This is CCR's weekly "Frontlines of Justice" news round-up, keeping you in the loop about what we've been up to and what's coming soon. Check it out every Monday, your one-stop-shop for CCR opinions, news coverage, reports from court appearances, upcoming events, and more!
As possibility for Trump impeachment looms, CCR jumps in on Russia investigations
As turmoil over investigations into Russian interference in the presidential election continues, CCR has been digging for the truth.
Following former FBI Director James Comey's testimony before the Senate Intelligence Committee, CCR attorney Shayana Kadidal appeared on Democracy Now!, breaking down the impact of Comey's sworn statement that Trump lied about his reasons for firing Comey and obstructed justice.
And on Wednesday, after Attorney General Jeff Sessions testified before the Senate Intelligence Committee, CCR filed a Freedom of Information Act (FOIA) request seeking the immediate release of the Department of Justice records Sessions alluded to.
Sessions refused to answer questions about potential interference with the ongoing Russia investigation, even though he said that Trump had not invoked executive privilege to prevent him from answering senators’ questions. When probed by Senator Kamala Harris about his refusal, he stated that the basis for his refusal to answer questions was actually part of existing DOJ policies.
"The existence and terms of this supposed policy prohibiting the attorney general from answering investigators' questions must be made public immediately," said CCR senior attorney J. Wells Dixon. "At stake is both the public’s ability to engage with the critical legal and political issues surrounding this case and, more broadly, the question of whether the president and the Attorney General of the United States are violating the Constitution and engaging in a campaign to obstruct ongoing criminal investigations."
Read the full press release and FOIA request here.
Demanding transparency and accountability in latest ICE detention death
On Thursday, CCR joined immigrant rights organizations including the Queer Detainee Empowerment Project, Families for Freedom, Immigrant Detention Project, and Detention Watch Network in mourning the passing of Carlos Mejia-Bonilla, who died Saturday, June 10 while in ICE custody. ICE has yet to reveal the New York-area detention center where he died.
This lack of transparency is particularly alarming as the death toll rises across detention centers nationwide. Mejia-Bonilla's passing marks 174 deaths in detention since 2003 — a shameful record exposing ICE's inability to guarantee the safety and health of people in its custody and the tenth this year according to an ICE press release. Recent investigations into deaths in immigration detention have found that inadequate medical care at detention centers has contributed to numerous deaths.
"ICE must publicly reveal the detention center where Mejia-Bonilla was held prior to his death. It is unacceptable that they would deliberately withhold crucial information as we try to understand what led to this tragedy," said CCR senior staff attorney Ghita Schwarz.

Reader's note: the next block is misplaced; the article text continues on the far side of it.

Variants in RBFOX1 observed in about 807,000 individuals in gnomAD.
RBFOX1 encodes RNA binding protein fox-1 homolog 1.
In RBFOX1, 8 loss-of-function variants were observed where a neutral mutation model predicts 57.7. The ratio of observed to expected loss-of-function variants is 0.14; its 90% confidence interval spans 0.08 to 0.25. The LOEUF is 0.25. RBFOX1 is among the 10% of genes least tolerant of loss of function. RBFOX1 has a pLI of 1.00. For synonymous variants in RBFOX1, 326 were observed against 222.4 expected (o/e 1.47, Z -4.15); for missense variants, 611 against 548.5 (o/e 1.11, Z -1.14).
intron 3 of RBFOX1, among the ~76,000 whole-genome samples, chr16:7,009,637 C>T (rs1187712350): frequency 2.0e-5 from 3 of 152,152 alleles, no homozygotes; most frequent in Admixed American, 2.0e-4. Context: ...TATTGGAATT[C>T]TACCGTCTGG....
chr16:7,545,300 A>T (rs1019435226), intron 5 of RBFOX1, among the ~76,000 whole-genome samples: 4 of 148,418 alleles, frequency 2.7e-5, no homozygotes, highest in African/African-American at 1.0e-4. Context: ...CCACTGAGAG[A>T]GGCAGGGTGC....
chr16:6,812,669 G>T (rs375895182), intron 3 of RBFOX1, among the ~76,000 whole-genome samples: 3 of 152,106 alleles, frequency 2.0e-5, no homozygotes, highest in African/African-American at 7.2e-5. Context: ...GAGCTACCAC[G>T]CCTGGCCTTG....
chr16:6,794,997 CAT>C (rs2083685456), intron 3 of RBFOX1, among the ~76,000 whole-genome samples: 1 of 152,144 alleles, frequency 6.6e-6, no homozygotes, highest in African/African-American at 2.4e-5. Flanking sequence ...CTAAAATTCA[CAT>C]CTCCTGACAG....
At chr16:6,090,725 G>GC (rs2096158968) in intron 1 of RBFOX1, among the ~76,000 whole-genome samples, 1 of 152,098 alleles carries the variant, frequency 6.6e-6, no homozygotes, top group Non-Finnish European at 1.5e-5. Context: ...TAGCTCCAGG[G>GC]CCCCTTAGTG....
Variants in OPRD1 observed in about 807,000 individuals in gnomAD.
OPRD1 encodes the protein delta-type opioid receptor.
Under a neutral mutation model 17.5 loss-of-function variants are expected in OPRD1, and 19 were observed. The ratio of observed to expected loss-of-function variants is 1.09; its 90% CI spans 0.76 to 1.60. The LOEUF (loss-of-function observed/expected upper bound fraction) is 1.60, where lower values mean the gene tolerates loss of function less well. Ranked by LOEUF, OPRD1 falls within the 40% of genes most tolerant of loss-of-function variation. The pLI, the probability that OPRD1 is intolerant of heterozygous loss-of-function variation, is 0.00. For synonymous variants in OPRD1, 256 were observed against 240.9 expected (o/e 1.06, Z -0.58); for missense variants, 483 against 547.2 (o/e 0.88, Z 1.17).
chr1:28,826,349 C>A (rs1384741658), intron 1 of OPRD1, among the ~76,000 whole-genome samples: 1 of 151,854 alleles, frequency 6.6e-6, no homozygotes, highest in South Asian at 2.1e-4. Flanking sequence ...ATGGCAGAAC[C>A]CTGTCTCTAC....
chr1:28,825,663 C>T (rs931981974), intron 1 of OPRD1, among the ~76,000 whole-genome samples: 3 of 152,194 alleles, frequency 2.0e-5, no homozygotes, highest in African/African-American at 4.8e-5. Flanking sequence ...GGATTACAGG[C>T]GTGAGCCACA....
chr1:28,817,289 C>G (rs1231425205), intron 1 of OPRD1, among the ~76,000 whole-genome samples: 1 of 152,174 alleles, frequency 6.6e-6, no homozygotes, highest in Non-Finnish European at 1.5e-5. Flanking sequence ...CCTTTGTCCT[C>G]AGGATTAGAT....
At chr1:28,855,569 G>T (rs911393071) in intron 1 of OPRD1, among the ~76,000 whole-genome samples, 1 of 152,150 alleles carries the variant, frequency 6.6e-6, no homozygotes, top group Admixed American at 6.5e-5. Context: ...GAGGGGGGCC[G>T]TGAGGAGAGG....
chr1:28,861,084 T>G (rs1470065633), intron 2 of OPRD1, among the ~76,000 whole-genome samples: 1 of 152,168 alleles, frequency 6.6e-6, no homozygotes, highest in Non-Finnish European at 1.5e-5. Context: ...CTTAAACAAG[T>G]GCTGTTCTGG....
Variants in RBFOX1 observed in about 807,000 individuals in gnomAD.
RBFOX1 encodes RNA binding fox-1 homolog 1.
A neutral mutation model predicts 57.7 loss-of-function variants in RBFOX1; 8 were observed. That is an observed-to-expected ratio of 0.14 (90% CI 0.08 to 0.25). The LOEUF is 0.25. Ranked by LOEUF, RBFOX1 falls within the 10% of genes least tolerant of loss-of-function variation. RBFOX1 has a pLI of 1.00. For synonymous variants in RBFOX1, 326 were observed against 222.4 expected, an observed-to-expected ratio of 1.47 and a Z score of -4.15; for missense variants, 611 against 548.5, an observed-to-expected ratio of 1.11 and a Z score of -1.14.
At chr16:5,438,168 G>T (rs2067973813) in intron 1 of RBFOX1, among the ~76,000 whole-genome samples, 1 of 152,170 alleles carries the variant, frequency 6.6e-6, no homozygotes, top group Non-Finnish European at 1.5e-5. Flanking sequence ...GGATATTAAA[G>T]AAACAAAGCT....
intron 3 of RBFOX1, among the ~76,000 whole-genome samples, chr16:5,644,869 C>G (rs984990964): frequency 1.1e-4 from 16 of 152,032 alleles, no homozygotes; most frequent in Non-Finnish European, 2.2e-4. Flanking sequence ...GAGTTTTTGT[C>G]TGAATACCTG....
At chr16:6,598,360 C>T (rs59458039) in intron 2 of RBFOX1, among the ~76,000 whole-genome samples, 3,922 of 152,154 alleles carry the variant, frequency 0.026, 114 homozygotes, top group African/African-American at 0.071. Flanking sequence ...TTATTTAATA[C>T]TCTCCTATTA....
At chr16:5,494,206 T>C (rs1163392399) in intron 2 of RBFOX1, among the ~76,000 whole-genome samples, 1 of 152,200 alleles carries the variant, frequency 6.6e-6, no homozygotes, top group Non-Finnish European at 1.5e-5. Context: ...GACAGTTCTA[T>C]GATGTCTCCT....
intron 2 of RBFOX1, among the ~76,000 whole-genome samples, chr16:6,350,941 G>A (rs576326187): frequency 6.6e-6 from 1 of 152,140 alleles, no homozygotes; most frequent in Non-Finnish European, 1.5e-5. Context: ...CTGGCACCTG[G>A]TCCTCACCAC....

You can read the full press release here.
Bellant v. Snyder: fighting racist "Emergency Manager" laws and corporatization in Michigan
Last week, five Michigan officials, including the head of the state health department, were charged with involuntary manslaughter for their role in Flint's water crisis. The charges follow state felony charges brought against two former state-appointed emergency managers in Flint back in December. Since 2013, CCR, together with the Sugar Law Center and other Michigan groups, has been fighting the laws that allowed emergency managers to take control of Flint's government in Bellant v. Snyder; the case challenges the constitutionality of replacing democratically-elected mayors and city and town councils in predominantly Black and brown communities of Michigan with unelected, state-appointed emergency managers.
CCR argues that Michigan's appointing of emergency managers shows profound racial bias, with 50 percent of all Black Michigan residents currently being governed by emergency managers and, in essence, being denied their fundamental right to vote and be represented by elected officials. Meanwhile, only two percent of Michigan's white residents are subject to the unchecked authority of emergency managers. We are waiting to see if the Supreme Court will take our case.
The battle against emergency manager laws is at its core a fight for the dignity and self-determination of Black and brown communities in Flint and greater Michigan. But the implications of these laws reach even further than the Flint water crisis, and behind them is an insidious agenda of privatization in Michigan and across the country.
Central to this agenda is The Mackinac Center, a right-wing "think tank" funded in part by Dick DeVos, the father-in-law of Secretary of Education Betsy DeVos. As noted in Mother Jones, The Mackinac Center is a leading member of the American Legislative Exchange Council (ALEC), which has developed and lobbied for passage into law such notorious legislation as the 'self-deportation,' 'stand-your-ground,' voter ID, and many union-gutting laws across the country. Longtime Mackinac associate Louis Schimmel was appointed by Governor Snyder to be emergency manager for Pontiac, Michigan, after which he promptly fired the city's clerk, attorney, and director of public works. Governor Snyder has also used the threat of appointing an emergency manager to bargain for the renegotiation of union contracts and outsourcing of city work in Detroit.
In Bellant v. Snyder and beyond, CCR will continue to stand with Black and brown communities in Michigan and everywhere to fight the racist practices and corporate agendas of privatization.